Dining Room With Snow, Please


This morning at 6:50 my children lost their minds. They went running out the door in their pajamas with no shoes screaming “snow, snow, snow, snow!” They ignored my pleas and my commands for some time until my son came to his senses and said “I am cold. Let me inside.”
 
But on the way to school a terrible thing happened at 77th Street. The snow became rain. My children were immediately bummed. “We wore our boots and brought mittens! Where is the snow?” Driving back two hours later in the rain a magical thing happened at 77th Street. The rain turned to snow, and even though I have to go to the office, I feel I am in a world small, unique and wonderful with the turn of seasons.
 

That excitement we have at small turns of weather, and the varied nature of the world around us is why we get excited about Farm to Table, and with each month’s menu guests get a moment to join in the simple excitement of children as the change in season is marked and celebrated.
 
Tonight Elderslie will open our November Menu with Petit Crepe, White Bean, Beet Raviolo, Roasted Butternut Squash, Romaine, Fennel Steak, Apple Chess Pie and and lovely wines. But, with all the culinary delights that await our guests, the thing I expect to be asked most, is “Can I sit in a dining room with snow?”
Elderslie Farm Farm to Table Dinner – November, 2018

-George Elder

Walling

I am a son of Adam Smith. I was taught that endeavor is motivated by self-interest and justified by profit. But as I have grown older I feel that is an oversimplification of the human being. Not that Smith was wrong, but that maybe he needed to be blended equal parts with Tolstoy or Wordsworth and taken in balance. 

After ten years as a small business I think one of the things that has impressed me most is how complex and personal it is. Many times you won’t really know if the decision is right or wrong. You can’t rely on profit alone to justify it, nor can your self-interest clearly guide a complex decision like “how important are the aesthetics of a wall?” Its just a wall, really, right? I don’t have an answer but reading James Rebanks “The Shepherd’s Life” I found another way to struggle with the topic.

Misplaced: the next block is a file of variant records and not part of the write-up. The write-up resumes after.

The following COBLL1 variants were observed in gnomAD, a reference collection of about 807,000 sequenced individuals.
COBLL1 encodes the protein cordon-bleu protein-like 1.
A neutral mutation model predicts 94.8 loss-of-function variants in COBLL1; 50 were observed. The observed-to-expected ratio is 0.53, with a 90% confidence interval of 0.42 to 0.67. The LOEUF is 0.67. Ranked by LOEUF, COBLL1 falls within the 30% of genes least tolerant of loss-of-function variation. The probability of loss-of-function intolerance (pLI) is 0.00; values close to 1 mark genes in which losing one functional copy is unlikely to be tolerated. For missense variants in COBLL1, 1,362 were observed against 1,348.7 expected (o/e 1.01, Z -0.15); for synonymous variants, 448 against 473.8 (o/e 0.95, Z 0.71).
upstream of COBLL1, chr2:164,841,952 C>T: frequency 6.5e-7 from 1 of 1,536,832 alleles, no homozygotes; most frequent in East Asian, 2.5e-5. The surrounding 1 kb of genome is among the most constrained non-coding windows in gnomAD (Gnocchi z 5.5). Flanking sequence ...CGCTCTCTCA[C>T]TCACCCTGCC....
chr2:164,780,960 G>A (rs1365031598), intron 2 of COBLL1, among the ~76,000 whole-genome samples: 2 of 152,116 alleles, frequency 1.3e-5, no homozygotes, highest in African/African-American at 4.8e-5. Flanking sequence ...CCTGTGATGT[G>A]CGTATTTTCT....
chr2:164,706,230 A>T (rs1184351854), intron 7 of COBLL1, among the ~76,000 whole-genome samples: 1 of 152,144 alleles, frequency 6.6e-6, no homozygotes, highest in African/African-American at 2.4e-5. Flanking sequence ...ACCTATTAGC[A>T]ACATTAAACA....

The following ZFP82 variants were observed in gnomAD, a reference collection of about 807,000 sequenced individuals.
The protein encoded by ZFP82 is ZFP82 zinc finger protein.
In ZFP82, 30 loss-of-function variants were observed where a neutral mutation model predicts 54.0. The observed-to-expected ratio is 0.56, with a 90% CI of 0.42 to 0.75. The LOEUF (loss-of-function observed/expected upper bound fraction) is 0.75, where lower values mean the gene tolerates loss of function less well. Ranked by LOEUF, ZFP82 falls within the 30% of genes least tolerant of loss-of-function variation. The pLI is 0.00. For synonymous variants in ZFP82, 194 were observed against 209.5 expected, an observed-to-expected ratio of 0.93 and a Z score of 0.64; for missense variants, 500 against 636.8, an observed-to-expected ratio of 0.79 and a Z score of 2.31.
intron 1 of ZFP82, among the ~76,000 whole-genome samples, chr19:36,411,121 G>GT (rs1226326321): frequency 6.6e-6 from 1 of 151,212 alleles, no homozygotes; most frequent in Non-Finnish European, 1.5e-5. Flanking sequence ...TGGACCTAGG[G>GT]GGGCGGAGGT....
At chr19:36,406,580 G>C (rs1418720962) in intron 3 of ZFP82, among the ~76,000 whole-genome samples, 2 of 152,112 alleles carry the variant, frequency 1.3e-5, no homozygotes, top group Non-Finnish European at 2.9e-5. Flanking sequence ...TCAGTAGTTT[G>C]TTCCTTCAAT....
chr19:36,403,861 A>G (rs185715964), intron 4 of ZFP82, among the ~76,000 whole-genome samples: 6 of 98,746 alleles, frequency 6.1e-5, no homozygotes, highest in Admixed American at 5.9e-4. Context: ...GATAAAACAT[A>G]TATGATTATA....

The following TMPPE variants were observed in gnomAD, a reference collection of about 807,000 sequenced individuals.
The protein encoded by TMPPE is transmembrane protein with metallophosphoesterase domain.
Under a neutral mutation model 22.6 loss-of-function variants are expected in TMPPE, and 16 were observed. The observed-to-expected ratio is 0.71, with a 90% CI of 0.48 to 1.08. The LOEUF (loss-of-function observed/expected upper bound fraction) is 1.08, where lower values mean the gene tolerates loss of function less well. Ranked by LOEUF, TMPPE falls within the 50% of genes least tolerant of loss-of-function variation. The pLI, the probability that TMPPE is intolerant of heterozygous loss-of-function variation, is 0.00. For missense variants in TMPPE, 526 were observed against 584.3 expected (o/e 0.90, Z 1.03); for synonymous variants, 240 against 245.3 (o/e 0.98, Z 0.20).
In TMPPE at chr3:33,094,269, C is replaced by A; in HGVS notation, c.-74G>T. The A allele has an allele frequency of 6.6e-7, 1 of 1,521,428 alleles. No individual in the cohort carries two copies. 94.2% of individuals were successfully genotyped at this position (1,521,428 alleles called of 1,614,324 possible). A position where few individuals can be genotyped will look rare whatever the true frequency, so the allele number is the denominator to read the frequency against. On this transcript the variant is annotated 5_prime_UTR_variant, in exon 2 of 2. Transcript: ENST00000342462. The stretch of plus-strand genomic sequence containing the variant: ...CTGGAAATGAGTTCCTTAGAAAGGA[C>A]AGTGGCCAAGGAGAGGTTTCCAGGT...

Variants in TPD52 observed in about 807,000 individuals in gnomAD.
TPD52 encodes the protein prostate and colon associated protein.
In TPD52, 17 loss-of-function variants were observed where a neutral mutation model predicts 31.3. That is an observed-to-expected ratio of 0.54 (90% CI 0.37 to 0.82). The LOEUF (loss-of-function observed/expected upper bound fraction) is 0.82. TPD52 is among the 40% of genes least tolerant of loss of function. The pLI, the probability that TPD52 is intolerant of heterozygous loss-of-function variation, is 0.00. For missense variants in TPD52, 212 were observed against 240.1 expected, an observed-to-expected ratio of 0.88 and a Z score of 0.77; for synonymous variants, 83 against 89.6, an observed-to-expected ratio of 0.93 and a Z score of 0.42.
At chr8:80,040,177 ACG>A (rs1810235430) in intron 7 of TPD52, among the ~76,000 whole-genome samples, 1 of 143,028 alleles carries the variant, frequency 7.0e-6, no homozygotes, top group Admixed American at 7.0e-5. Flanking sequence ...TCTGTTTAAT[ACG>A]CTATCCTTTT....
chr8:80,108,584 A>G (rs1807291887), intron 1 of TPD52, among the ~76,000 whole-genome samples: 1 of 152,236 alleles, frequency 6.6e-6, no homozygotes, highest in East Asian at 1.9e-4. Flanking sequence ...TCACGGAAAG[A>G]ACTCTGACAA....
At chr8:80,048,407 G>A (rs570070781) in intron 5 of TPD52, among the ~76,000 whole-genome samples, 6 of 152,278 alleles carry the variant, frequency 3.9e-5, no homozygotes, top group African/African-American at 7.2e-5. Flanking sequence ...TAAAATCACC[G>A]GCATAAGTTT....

In the Lake District of Northern England farmers still engage in a backwards relic of the medieval age called walling. They spend some allocated portion of their year stacking stones and repairing the walls which are so characteristic of the region and one of its great charms. These walls are impractical. They cost so much in labor, and God help you if you ever had to buy that stone. But this old habit, born partly of necessity since they did not have other materials, is continued because of affection. They love their walls. And if you ever go you will fall in love with the charm of this impractical, archaic, unprofitable way of life. 

The most efficient ways of doing things are often not the most lovely. We often seek to justify gruesome aesthetics by pointing at the money it made us or saved us and saying, “look what I have been able to do with that.” Thus we build a harsh and bitter world, which we separate from our lives by distance, by walls, and by habits, and then live in a world where all the aesthetic beauty is only aesthetic and has no function.